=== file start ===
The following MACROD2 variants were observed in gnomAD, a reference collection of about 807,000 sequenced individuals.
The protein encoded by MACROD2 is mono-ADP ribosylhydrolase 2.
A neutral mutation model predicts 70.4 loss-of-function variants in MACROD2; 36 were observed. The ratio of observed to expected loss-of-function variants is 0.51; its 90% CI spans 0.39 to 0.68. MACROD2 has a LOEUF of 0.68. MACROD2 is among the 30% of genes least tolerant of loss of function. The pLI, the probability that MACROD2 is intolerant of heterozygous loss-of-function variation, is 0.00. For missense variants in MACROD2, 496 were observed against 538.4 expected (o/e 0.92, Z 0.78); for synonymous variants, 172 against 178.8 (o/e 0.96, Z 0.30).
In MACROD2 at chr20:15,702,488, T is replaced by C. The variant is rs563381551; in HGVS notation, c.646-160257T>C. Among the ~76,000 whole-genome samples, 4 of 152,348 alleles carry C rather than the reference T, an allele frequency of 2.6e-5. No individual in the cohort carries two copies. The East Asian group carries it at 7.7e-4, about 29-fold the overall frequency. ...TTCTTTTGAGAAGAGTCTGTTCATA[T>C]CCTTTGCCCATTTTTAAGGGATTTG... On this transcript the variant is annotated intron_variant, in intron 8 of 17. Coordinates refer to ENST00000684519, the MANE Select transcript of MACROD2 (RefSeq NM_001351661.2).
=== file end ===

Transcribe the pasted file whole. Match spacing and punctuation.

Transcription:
The following MACROD2 variants were observed in gnomAD, a reference collection of about 807,000 sequenced individuals.
The protein encoded by MACROD2 is mono-ADP ribosylhydrolase 2.
A neutral mutation model predicts 70.4 loss-of-function variants in MACROD2; 36 were observed. The ratio of observed to expected loss-of-function variants is 0.51; its 90% CI spans 0.39 to 0.68. MACROD2 has a LOEUF of 0.68. MACROD2 is among the 30% of genes least tolerant of loss of function. The pLI, the probability that MACROD2 is intolerant of heterozygous loss-of-function variation, is 0.00. For missense variants in MACROD2, 496 were observed against 538.4 expected (o/e 0.92, Z 0.78); for synonymous variants, 172 against 178.8 (o/e 0.96, Z 0.30).
In MACROD2 at chr20:15,702,488, T is replaced by C. The variant is rs563381551; in HGVS notation, c.646-160257T>C. Among the ~76,000 whole-genome samples, 4 of 152,348 alleles carry C rather than the reference T, an allele frequency of 2.6e-5. No individual in the cohort carries two copies. The East Asian group carries it at 7.7e-4, about 29-fold the overall frequency. ...TTCTTTTGAGAAGAGTCTGTTCATA[T>C]CCTTTGCCCATTTTTAAGGGATTTG... On this transcript the variant is annotated intron_variant, in intron 8 of 17. Coordinates refer to ENST00000684519, the MANE Select transcript of MACROD2 (RefSeq NM_001351661.2).